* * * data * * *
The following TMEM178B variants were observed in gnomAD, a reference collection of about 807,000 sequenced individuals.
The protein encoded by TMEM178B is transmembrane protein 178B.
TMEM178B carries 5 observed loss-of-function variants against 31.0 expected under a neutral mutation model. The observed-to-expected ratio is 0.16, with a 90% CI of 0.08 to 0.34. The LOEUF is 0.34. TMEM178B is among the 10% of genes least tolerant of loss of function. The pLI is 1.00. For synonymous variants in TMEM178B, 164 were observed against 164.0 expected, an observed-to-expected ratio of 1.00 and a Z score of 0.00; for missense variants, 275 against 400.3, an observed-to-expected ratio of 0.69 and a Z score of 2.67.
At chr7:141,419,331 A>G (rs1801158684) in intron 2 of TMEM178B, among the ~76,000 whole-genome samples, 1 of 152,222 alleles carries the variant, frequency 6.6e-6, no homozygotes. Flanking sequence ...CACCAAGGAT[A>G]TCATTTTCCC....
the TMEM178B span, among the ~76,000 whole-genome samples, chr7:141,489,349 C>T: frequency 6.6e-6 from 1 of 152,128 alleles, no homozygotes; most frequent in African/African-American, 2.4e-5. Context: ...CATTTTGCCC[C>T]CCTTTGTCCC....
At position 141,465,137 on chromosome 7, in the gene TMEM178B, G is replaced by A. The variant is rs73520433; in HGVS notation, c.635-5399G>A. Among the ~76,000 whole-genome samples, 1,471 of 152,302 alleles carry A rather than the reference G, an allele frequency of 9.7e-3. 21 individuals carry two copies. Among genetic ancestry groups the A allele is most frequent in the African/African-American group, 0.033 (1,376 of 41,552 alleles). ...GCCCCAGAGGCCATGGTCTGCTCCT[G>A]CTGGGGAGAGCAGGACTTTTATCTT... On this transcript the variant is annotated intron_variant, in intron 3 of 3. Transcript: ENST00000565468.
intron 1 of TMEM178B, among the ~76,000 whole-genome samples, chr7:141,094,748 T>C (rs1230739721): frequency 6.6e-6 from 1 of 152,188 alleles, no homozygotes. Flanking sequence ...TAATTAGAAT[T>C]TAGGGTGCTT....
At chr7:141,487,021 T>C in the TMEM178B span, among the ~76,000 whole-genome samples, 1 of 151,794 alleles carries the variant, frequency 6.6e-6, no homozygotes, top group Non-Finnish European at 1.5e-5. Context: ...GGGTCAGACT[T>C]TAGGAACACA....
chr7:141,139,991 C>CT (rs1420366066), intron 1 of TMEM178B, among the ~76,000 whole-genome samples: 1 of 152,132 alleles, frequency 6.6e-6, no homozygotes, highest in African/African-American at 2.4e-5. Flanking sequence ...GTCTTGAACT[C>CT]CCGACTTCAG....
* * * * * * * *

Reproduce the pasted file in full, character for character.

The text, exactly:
The following TMEM178B variants were observed in gnomAD, a reference collection of about 807,000 sequenced individuals.
The protein encoded by TMEM178B is transmembrane protein 178B.
TMEM178B carries 5 observed loss-of-function variants against 31.0 expected under a neutral mutation model. The observed-to-expected ratio is 0.16, with a 90% CI of 0.08 to 0.34. The LOEUF is 0.34. TMEM178B is among the 10% of genes least tolerant of loss of function. The pLI is 1.00. For synonymous variants in TMEM178B, 164 were observed against 164.0 expected, an observed-to-expected ratio of 1.00 and a Z score of 0.00; for missense variants, 275 against 400.3, an observed-to-expected ratio of 0.69 and a Z score of 2.67.
At chr7:141,419,331 A>G (rs1801158684) in intron 2 of TMEM178B, among the ~76,000 whole-genome samples, 1 of 152,222 alleles carries the variant, frequency 6.6e-6, no homozygotes. Flanking sequence ...CACCAAGGAT[A>G]TCATTTTCCC....
the TMEM178B span, among the ~76,000 whole-genome samples, chr7:141,489,349 C>T: frequency 6.6e-6 from 1 of 152,128 alleles, no homozygotes; most frequent in African/African-American, 2.4e-5. Context: ...CATTTTGCCC[C>T]CCTTTGTCCC....
At position 141,465,137 on chromosome 7, in the gene TMEM178B, G is replaced by A. The variant is rs73520433; in HGVS notation, c.635-5399G>A. Among the ~76,000 whole-genome samples, 1,471 of 152,302 alleles carry A rather than the reference G, an allele frequency of 9.7e-3. 21 individuals carry two copies. Among genetic ancestry groups the A allele is most frequent in the African/African-American group, 0.033 (1,376 of 41,552 alleles). ...GCCCCAGAGGCCATGGTCTGCTCCT[G>A]CTGGGGAGAGCAGGACTTTTATCTT... On this transcript the variant is annotated intron_variant, in intron 3 of 3. Transcript: ENST00000565468.
intron 1 of TMEM178B, among the ~76,000 whole-genome samples, chr7:141,094,748 T>C (rs1230739721): frequency 6.6e-6 from 1 of 152,188 alleles, no homozygotes. Flanking sequence ...TAATTAGAAT[T>C]TAGGGTGCTT....
At chr7:141,487,021 T>C in the TMEM178B span, among the ~76,000 whole-genome samples, 1 of 151,794 alleles carries the variant, frequency 6.6e-6, no homozygotes, top group Non-Finnish European at 1.5e-5. Context: ...GGGTCAGACT[T>C]TAGGAACACA....
chr7:141,139,991 C>CT (rs1420366066), intron 1 of TMEM178B, among the ~76,000 whole-genome samples: 1 of 152,132 alleles, frequency 6.6e-6, no homozygotes, highest in African/African-American at 2.4e-5. Flanking sequence ...GTCTTGAACT[C>CT]CCGACTTCAG....